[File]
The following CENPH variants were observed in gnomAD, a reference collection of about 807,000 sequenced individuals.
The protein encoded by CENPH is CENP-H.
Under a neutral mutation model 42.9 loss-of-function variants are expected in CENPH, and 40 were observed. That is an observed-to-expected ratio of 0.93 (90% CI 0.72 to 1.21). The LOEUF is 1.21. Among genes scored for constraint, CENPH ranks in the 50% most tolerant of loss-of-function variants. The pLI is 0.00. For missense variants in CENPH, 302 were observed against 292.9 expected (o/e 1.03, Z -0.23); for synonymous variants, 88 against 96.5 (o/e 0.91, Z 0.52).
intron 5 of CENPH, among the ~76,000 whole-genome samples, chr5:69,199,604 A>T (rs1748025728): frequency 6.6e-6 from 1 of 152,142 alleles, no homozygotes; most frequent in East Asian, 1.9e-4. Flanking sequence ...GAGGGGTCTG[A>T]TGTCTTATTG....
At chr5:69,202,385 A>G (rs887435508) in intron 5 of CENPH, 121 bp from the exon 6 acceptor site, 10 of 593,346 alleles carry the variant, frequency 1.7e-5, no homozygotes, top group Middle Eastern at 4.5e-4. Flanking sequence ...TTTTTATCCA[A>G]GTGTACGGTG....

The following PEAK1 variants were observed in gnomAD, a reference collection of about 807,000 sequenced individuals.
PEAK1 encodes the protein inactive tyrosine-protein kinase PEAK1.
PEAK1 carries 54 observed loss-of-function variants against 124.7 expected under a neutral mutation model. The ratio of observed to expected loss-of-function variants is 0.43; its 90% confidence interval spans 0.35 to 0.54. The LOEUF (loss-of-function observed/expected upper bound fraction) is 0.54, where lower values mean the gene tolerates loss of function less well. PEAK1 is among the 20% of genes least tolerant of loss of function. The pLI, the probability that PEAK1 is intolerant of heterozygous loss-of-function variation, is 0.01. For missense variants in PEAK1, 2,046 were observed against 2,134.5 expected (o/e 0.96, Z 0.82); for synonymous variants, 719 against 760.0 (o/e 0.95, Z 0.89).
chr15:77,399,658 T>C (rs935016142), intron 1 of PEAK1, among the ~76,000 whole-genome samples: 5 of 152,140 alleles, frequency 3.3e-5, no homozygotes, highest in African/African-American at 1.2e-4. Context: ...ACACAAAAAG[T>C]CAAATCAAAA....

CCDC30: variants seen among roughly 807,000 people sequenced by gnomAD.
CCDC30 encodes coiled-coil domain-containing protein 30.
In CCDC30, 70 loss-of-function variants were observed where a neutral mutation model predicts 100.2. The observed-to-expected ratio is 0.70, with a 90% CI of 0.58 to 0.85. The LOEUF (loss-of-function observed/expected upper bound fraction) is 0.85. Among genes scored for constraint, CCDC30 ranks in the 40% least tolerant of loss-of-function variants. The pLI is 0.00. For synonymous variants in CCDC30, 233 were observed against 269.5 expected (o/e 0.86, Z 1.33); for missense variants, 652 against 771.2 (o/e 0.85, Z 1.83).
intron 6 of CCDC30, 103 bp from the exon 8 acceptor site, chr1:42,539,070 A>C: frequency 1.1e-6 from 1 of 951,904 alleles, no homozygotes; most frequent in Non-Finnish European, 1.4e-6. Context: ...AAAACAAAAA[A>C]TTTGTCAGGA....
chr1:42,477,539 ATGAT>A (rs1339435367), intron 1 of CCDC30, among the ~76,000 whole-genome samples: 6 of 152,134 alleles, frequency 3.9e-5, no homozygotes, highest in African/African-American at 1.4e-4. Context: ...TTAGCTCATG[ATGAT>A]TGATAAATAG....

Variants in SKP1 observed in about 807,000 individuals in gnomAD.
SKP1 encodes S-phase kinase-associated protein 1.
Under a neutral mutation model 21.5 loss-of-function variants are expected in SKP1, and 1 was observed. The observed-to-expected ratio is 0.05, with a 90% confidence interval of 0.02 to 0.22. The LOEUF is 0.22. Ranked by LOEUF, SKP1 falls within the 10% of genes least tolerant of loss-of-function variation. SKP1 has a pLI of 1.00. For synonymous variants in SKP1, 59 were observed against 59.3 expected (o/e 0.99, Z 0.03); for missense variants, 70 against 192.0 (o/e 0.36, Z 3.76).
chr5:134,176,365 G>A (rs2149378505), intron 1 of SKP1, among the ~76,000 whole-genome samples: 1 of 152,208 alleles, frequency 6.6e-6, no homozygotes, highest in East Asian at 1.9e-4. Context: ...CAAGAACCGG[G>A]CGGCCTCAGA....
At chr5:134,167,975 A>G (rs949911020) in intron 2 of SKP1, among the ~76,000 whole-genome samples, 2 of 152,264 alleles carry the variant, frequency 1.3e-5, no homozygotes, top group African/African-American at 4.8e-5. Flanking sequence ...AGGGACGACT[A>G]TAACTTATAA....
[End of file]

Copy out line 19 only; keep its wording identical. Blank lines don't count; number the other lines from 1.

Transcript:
At chr5:134,167,975 A>G (rs949911020) in intron 2 of SKP1, among the ~76,000 whole-genome samples, 2 of 152,264 alleles carry the variant, frequency 1.3e-5, no homozygotes, top group African/African-American at 4.8e-5. Flanking sequence ...AGGGACGACT[A>G]TAACTTATAA....